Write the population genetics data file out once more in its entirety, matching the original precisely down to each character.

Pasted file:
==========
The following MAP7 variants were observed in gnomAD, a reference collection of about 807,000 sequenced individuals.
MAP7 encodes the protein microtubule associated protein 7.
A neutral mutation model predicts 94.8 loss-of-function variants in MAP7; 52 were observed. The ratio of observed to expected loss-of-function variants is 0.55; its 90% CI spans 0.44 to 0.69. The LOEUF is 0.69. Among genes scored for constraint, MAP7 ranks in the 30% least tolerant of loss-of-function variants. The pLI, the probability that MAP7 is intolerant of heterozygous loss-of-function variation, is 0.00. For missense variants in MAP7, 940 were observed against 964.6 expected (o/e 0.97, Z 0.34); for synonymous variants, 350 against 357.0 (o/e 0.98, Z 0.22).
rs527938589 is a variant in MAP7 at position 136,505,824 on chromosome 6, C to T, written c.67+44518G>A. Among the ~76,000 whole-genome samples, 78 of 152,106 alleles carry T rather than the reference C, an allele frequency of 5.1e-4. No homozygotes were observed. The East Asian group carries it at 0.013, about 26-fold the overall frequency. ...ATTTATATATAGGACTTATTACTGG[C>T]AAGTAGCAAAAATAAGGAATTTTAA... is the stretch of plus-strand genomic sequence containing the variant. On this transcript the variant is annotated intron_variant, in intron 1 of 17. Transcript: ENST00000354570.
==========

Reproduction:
The following MAP7 variants were observed in gnomAD, a reference collection of about 807,000 sequenced individuals.
MAP7 encodes the protein microtubule associated protein 7.
A neutral mutation model predicts 94.8 loss-of-function variants in MAP7; 52 were observed. The ratio of observed to expected loss-of-function variants is 0.55; its 90% CI spans 0.44 to 0.69. The LOEUF is 0.69. Among genes scored for constraint, MAP7 ranks in the 30% least tolerant of loss-of-function variants. The pLI, the probability that MAP7 is intolerant of heterozygous loss-of-function variation, is 0.00. For missense variants in MAP7, 940 were observed against 964.6 expected (o/e 0.97, Z 0.34); for synonymous variants, 350 against 357.0 (o/e 0.98, Z 0.22).
rs527938589 is a variant in MAP7 at position 136,505,824 on chromosome 6, C to T, written c.67+44518G>A. Among the ~76,000 whole-genome samples, 78 of 152,106 alleles carry T rather than the reference C, an allele frequency of 5.1e-4. No homozygotes were observed. The East Asian group carries it at 0.013, about 26-fold the overall frequency. ...ATTTATATATAGGACTTATTACTGG[C>T]AAGTAGCAAAAATAAGGAATTTTAA... is the stretch of plus-strand genomic sequence containing the variant. On this transcript the variant is annotated intron_variant, in intron 1 of 17. Transcript: ENST00000354570.